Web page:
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‘Read Your Bible,’ Assemblyman Urges

Antwan McClellan is happy to serve Cape May County

By Rachel Rogish

OCEAN CITY – “We can work together,” said Assemblyman Antwan McClellan (R-1st), seated in his office, June 15.  

Born and raised in Ocean City, McClellan, 46, is navigating his second year as an assemblyman on the Republican ticket. He faced opposition on the campaign trail, yet persevered. McClellan seeks to better understand the constituents he represents, regardless of their background and ethnicity.  

How does McClellan handle politics and racial tension that divide so many? McClellan spoke candidly, revealing that faith shines brightest in unexpected places, including the New Jersey State House.   

 

A Shore Thing 

Born in 1975, McClellan grew up the youngest of six children. His parents, Lawrence and Cora Mae, faithfully attended Shiloh Baptist Church, in Ocean City, instilling principles of faith and compassion in McClellan.  

According to McClellan, his father’s side of the family includes several pastors. He attributes his success in life to God and his family. McClellan said he learned to allow “God to guide him.” 

McClellan returned to Cape May County after graduating from Old Dominion University, in Virginia, and worked in the casino industry.  

 

Helping Hands 

From 2010-2012, McClellan served on the Ocean City School Board before running for Ocean City Council, where he was the second African American to hold a seat.  

“It was a big challenge,” McClellan said. “I had no experience. 

All McClellan could do was “be himself,” and present “a younger, fresher voice” in local politics. He endured criticism for a period of homelessness he experienced after Hurricane Sandy, in 2012.  

Undeterred, as the youngest councilman, McClellan desired to protect and listen to seniors while empowering the next generation.  

“Our foundation is built on our seniors,” McClellan said.  

He said his belief in God, and Jesus Christ, stabilized him in working with people of different religions and backgrounds.  

 

Courage Under Fire  

In November 2019, McClellan cast “his hat in the ring” for state assemblyman. He found an unexpected friend in Erik Simonsen, Lower Township’s former mayor, who also ran.  

Today, Simonsen and McClellan still pray and support each other as fellow Christians seeking to serve the public. McClellan is the first African American to represent Cape May and Cumberland counties in the Assembly.  

In a political mailer, McClellan said political opponents portrayed him with a darker face. McClellan said he faces racism with this attitude: “God wants me here.”  

“We are not all the same,” McClellan explained.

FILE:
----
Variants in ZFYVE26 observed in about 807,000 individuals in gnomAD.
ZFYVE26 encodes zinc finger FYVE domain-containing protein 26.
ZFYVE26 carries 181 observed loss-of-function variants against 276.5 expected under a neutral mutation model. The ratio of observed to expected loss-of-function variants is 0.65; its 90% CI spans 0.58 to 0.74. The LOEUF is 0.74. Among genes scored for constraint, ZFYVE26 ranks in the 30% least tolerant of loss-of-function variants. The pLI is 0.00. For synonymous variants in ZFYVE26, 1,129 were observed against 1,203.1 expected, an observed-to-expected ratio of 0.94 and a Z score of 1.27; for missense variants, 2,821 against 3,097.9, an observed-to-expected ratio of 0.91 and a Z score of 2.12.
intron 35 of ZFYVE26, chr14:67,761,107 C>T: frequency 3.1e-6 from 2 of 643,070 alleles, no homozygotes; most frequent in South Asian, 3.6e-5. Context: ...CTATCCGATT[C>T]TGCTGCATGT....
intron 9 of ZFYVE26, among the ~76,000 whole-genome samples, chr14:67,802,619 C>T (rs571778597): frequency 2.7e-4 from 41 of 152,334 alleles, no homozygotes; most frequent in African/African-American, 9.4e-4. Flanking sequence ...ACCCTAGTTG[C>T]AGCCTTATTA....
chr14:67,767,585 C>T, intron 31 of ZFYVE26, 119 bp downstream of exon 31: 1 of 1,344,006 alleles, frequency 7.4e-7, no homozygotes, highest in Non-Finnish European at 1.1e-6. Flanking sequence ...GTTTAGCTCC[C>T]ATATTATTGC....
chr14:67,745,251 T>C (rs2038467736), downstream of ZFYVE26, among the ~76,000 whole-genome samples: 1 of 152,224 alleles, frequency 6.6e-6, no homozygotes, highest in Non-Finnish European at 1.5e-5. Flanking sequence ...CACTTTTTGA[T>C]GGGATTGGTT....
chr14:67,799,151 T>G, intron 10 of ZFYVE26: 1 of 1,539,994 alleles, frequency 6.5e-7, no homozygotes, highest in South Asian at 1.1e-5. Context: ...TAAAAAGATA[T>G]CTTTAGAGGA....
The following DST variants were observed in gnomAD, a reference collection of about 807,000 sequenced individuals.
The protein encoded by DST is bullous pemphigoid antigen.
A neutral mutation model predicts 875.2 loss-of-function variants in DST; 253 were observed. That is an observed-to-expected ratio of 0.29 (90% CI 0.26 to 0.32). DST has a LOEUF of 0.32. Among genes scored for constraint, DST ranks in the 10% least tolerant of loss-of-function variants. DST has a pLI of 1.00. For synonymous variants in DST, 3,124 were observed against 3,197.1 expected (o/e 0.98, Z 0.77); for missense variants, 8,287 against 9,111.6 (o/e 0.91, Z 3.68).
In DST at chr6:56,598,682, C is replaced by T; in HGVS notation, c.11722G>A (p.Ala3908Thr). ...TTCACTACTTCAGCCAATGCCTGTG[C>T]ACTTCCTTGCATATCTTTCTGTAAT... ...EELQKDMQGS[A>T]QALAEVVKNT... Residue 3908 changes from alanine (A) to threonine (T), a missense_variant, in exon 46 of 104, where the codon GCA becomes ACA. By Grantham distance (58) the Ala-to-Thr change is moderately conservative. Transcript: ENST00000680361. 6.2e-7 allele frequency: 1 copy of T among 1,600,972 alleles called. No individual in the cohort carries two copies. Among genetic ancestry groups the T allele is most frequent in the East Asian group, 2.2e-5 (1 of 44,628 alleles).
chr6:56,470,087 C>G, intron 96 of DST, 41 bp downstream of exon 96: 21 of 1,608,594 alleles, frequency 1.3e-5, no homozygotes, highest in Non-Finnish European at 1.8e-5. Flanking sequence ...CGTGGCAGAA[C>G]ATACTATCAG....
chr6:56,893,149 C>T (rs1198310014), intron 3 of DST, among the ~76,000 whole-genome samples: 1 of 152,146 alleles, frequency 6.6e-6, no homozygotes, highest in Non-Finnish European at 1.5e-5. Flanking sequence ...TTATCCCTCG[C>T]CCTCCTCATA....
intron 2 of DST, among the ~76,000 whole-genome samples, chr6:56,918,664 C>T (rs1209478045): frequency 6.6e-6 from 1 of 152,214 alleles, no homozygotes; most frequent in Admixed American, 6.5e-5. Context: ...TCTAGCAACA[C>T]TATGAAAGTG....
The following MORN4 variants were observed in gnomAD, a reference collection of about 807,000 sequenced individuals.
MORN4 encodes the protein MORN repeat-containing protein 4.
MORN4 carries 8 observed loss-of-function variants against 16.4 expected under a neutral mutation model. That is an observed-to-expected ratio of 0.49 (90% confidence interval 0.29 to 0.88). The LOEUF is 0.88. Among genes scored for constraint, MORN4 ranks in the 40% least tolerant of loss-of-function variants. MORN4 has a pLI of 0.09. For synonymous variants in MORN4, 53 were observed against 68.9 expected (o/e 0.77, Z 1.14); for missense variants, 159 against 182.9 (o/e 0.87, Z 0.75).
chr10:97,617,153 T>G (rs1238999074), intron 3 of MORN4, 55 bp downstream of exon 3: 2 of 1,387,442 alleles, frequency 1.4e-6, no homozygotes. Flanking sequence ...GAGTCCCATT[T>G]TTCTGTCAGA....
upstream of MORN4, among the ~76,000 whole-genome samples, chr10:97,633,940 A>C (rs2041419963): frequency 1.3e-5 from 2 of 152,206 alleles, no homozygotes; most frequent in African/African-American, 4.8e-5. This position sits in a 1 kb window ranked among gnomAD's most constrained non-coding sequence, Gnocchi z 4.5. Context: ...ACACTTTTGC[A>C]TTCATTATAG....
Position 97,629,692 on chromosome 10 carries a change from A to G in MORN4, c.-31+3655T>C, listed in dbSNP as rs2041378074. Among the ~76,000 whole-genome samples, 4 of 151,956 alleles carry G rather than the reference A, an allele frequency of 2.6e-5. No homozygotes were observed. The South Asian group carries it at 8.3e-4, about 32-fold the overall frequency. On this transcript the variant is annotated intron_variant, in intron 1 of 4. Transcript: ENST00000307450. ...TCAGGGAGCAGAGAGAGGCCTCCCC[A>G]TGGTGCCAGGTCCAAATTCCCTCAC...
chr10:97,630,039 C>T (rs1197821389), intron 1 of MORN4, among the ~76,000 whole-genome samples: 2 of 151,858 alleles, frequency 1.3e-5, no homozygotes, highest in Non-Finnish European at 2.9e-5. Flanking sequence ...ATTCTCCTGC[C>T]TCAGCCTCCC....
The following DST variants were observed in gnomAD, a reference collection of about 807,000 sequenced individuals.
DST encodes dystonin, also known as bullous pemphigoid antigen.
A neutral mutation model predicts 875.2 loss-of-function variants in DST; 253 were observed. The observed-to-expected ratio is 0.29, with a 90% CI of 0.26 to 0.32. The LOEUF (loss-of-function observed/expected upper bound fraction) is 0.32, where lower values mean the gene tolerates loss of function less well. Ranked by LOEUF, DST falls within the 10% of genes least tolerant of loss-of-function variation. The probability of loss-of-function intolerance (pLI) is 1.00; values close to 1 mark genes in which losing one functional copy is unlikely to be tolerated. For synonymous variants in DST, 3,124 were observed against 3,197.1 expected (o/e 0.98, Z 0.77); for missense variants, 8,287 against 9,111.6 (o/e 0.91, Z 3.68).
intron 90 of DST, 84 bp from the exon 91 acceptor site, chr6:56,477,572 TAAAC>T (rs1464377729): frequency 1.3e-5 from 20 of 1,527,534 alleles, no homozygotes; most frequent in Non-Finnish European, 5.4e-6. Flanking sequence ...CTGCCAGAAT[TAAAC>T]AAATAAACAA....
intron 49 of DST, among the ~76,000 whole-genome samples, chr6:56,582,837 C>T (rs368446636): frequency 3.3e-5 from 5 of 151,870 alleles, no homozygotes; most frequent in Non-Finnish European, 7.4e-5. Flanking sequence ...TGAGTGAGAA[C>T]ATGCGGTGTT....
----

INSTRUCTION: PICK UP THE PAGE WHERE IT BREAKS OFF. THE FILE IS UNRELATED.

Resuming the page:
He strives to respect the journey and experiences of others.  

“I take people at face value. I respect where you come from,” he added. 

McClellan took the oath of office just before the coronavirus pandemic hit the nation, in 2020.  

 

Healing and Growth 

As the pandemic wanes, McClellan is hopeful for the county’s recovery, especially for small businesses and tourism.  

“I want to help them have all the tools they need to open,” McClellan said. 

In a time where trust in public officials is shaken, McClellan said the way forward is by caring for others.  

“I live as a Black man. I’ve been pulled over by police,” McClellan said.  

Yet, anger and hate are not the answers, according to the assemblyman. 

“They (police officers) need to go home to their families at the end of the night,” McClellan stated.  

He also looks forward to seeing the Harriet Tubman Museum, in Cape May, open for the 2021 season.  

“It’s exciting to know that Harriet Tubman was in our backyard,” he said.  

 

Word of Grace 

For those who are struggling and seeking truth, McClellan urges them to “read your Bible.”  

“The Bible will never let you down. God will never lead you astray,” he said.  

As restrictions continue to ease, McClellan encourages residents and guests to visit local churches while understanding that faith, in its essence, can’t be contained by four walls alone.  

McClellan is grateful for staff members and other public officials serving the community, including the Cape May County Sheriff’s Office, where he works as the personnel director.  

“People are just people,” McClellan concluded.  

Faith Matters is an ongoing series exploring the connection between individuals and their faith, impacting their families, community, and beyond. Those with a story of faith to share shouldcontactthewriteratrrogish@cmcherald.com. 

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